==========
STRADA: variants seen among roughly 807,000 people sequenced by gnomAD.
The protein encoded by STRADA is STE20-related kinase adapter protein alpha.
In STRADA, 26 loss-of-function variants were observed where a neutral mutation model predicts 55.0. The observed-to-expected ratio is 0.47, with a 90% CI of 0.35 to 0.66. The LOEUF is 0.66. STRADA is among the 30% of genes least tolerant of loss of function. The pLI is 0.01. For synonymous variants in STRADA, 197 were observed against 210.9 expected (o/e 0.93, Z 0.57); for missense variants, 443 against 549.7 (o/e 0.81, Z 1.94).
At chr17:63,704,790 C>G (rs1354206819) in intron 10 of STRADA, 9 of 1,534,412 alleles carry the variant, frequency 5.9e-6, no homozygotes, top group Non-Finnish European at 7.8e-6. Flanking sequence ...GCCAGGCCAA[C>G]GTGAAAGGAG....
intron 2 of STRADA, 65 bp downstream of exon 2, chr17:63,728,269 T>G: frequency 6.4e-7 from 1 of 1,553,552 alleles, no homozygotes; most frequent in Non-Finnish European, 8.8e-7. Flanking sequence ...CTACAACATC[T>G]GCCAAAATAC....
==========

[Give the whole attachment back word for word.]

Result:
STRADA: variants seen among roughly 807,000 people sequenced by gnomAD.
The protein encoded by STRADA is STE20-related kinase adapter protein alpha.
In STRADA, 26 loss-of-function variants were observed where a neutral mutation model predicts 55.0. The observed-to-expected ratio is 0.47, with a 90% CI of 0.35 to 0.66. The LOEUF is 0.66. STRADA is among the 30% of genes least tolerant of loss of function. The pLI is 0.01. For synonymous variants in STRADA, 197 were observed against 210.9 expected (o/e 0.93, Z 0.57); for missense variants, 443 against 549.7 (o/e 0.81, Z 1.94).
At chr17:63,704,790 C>G (rs1354206819) in intron 10 of STRADA, 9 of 1,534,412 alleles carry the variant, frequency 5.9e-6, no homozygotes, top group Non-Finnish European at 7.8e-6. Flanking sequence ...GCCAGGCCAA[C>G]GTGAAAGGAG....
intron 2 of STRADA, 65 bp downstream of exon 2, chr17:63,728,269 T>G: frequency 6.4e-7 from 1 of 1,553,552 alleles, no homozygotes; most frequent in Non-Finnish European, 8.8e-7. Flanking sequence ...CTACAACATC[T>G]GCCAAAATAC....